Vanadium pentoxide, Vanadium compounds
Vanadium pentoxide is used in different, industrial processes as catalyst: In the contact process it serves for the oxidation of SO2 to SO3 with oxygen at 440°C. Besides it is used in the oxidation of ethanol to ethanale and in the production of phthalic anydride, polyamide, oxalic acid and further products.
Vanadium pentoxide melts at 690°C and decomposes at 1750°C. V3+ is a strong reducing agent, which sets hydrogen free with water. This shows that Vanadium pentoxide may only rarely be applicable as sole oxidizing agent. Of interest are its abilities to form polyoxides. In the following process the oxidation number of the vanadium remains constant for example, but the polarization of the peroxide group increases:
Aldehydes undergo oxidative transformation to the methyl esters in methanol as solvent upon treatment with catalytic amounts of vanadium pentoxide in combination with hydrogen peroxide. This method features mild reaction conditions, short reaction times, high efficiencies, cost-effectiveness, and facile isolation of the desired products.
R. Gopinath, B. Patel, Org. Lett., 2000, 2, 577-579.
Oxidation of alcohols to aldehydes and ketones were performed under atmospheric oxygen with a catalytic amount of V2O5 in toluene at 100°C. Secondary alcohols can be chemoselectively converted into ketones in the presence of primary hydroxy groups.
S. Velusamy, T. Punniyamurthy, Org. Lett., 2004, 6, 217-219.
Optimized selective aerobic oxidations in ionic liquids convert various activated primary alcohols into their corresponding acids or aldehydes in good to excellent yields. The newly developed catalytic systems could also be recycled and reused for three runs without any significant loss of catalytic activity.
N. Jiang, A. J. Ragauskas, J. Org. Chem., 2007, 72, 7030-7033.
VO(acac)2 catalyzes the oxidation of aromatic and aliphatic aldehydes to the corresponding acids efficiently and selectively in the presence of hydrogen peroxide as an oxidant. This method offers functional-group compatibility, easy workup procedure, and a short reaction time. The performance of titania-supported VO(acac)2 in the oxidation of aldehydes was also investigated.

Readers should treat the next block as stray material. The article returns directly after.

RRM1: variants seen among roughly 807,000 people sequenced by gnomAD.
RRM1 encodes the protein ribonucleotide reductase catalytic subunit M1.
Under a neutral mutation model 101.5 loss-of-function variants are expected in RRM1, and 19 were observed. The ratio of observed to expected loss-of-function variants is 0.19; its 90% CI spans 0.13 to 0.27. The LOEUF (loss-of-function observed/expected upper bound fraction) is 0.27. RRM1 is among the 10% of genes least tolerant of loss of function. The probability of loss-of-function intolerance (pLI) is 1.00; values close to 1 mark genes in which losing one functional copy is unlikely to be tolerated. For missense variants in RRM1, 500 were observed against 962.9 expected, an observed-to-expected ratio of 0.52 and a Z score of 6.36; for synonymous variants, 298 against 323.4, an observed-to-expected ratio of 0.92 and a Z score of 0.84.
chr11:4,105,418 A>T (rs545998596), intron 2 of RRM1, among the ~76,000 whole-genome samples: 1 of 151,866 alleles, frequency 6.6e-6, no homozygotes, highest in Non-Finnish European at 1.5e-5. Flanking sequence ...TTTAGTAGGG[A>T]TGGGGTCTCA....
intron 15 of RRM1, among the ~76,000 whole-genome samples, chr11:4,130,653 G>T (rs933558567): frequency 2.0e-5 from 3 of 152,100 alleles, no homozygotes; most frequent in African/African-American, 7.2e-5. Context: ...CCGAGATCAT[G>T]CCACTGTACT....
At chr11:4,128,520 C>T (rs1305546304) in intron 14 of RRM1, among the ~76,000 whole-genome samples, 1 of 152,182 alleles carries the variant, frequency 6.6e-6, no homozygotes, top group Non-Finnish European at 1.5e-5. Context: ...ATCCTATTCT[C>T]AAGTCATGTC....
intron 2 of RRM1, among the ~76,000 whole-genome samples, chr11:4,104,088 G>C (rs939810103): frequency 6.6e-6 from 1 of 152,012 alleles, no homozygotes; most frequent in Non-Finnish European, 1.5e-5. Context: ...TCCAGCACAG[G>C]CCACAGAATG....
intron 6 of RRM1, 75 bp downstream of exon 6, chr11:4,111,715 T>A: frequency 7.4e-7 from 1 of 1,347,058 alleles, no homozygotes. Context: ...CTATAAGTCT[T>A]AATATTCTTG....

D. Talukdar, K. Sharma, S. K. Bharadwaj, A. J. Thakur, Synlett, 2013, 24, 963-966.
A new catalytic system for the asymmetric epoxidation of allylic alcohols has been developed featuring high enantioselectivity for Z olefins, catalyst loading of less than 1 mol%, reaction temperatures of 0°C to room temperature over a shorter time, and simple workup procedures for small expoxy alcohols.
W. Zhang, A. Basak, Y. Kosugi, Y. Hoshino, H. Yamamoto, Angew. Chem. Int. Ed., 2005, 44, 4389-4391.
Chiral bishydroxamic acid ligands provided good yields and high enantioselectivities in the vanadium-catalyzed asymmetric epoxidation of homoallylic alcohols.
W. Zhang, H. Yamamoto, J. Am. Chem. Soc., 2007, 129, 286-287.
The combination of very high ee values with high yield, the consequence of an efficient initial asymmetric oxidation followed by an efficient kinetic resolution, makes the reported system very practical for the asymmetric oxidation of simple akyl aryl sulfides.
C. Drago, L. Caggiano, R. F. W. Jackson, Angew. Chem. Int. Ed., 2005, 44, 7221-7223.
The asymmetric oxidation of sulfides to chiral sulfoxides with hydrogen peroxide in good yield and high enantioselectivity has been catalyzed very effectively by a chiral vanadium-salan complex. The efficient kinetic resolution of racemic sulfoxides catalyzed by the vanadium-salan system is also described.
J. Sun, C. Zhu, Z. Dai, M. Xang, Y. Pan, H. Hu, J. Org. Chem., 2004, 69, 8500-8503.
Vanadium pentoxide very effectively promotes the bromination of organic substrates, including selective bromination of some aromatics, by tetrabutylammonium bromide in the presence of hydrogen peroxide. The reaction offers mild conditions, high selectivity, yield, and reaction rate, and redundancy of bromine and hydrobromic acid.
U. Bora, G. Bose, M. K. Chaudhuri, S. S. Dhar, R. Gopinath, A. T. Khan, B. K. Patel, Org. Lett., 2000, 2, 247-249.